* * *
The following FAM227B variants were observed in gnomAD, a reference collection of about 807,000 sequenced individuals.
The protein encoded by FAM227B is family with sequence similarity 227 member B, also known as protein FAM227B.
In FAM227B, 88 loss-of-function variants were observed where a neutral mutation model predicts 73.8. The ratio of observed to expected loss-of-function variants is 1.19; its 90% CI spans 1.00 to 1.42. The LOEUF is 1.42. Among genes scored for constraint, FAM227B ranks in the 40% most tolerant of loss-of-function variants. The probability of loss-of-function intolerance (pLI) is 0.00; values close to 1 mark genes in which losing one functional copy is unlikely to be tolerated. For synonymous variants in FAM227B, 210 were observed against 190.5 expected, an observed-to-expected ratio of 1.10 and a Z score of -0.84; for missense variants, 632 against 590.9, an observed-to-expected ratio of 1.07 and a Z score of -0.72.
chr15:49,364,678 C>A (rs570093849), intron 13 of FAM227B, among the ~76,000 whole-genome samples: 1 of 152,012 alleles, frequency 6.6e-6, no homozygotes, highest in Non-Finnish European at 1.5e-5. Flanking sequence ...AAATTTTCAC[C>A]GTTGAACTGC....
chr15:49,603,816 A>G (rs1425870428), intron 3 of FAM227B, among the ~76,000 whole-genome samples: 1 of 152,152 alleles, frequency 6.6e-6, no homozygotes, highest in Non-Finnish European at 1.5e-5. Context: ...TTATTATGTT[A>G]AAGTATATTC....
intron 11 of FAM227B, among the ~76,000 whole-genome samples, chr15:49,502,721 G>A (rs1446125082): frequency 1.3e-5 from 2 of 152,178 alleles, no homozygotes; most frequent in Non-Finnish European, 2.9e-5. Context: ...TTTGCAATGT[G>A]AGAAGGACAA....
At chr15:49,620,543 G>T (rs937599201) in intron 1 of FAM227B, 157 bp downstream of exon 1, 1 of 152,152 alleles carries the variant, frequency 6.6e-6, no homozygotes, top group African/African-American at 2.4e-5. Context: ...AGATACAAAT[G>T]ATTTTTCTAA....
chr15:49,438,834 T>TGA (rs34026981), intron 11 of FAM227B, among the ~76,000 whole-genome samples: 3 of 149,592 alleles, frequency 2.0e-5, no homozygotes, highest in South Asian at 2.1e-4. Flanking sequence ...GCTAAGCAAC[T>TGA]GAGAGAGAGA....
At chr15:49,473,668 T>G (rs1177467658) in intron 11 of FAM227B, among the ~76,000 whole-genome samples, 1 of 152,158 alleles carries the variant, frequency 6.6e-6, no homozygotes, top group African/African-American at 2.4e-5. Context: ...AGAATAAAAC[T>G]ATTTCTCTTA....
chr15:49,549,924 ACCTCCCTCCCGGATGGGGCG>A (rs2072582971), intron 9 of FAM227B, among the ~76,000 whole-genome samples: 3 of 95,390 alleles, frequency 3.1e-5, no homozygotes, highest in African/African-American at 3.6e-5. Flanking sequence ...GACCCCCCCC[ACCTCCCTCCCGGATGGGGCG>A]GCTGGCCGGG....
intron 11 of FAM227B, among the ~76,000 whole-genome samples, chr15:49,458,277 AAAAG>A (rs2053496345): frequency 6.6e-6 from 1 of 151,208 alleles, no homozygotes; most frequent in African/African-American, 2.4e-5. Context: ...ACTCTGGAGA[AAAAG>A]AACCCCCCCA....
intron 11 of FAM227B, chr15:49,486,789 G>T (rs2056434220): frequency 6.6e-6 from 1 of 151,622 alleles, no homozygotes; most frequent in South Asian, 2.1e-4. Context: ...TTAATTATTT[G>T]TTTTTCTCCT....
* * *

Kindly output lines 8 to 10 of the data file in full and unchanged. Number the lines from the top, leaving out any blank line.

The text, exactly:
chr15:49,438,834 T>TGA (rs34026981), intron 11 of FAM227B, among the ~76,000 whole-genome samples: 3 of 149,592 alleles, frequency 2.0e-5, no homozygotes, highest in South Asian at 2.1e-4. Flanking sequence ...GCTAAGCAAC[T>TGA]GAGAGAGAGA....
At chr15:49,473,668 T>G (rs1177467658) in intron 11 of FAM227B, among the ~76,000 whole-genome samples, 1 of 152,158 alleles carries the variant, frequency 6.6e-6, no homozygotes, top group African/African-American at 2.4e-5. Context: ...AGAATAAAAC[T>G]ATTTCTCTTA....
chr15:49,549,924 ACCTCCCTCCCGGATGGGGCG>A (rs2072582971), intron 9 of FAM227B, among the ~76,000 whole-genome samples: 3 of 95,390 alleles, frequency 3.1e-5, no homozygotes, highest in African/African-American at 3.6e-5. Flanking sequence ...GACCCCCCCC[ACCTCCCTCCCGGATGGGGCG>A]GCTGGCCGGG....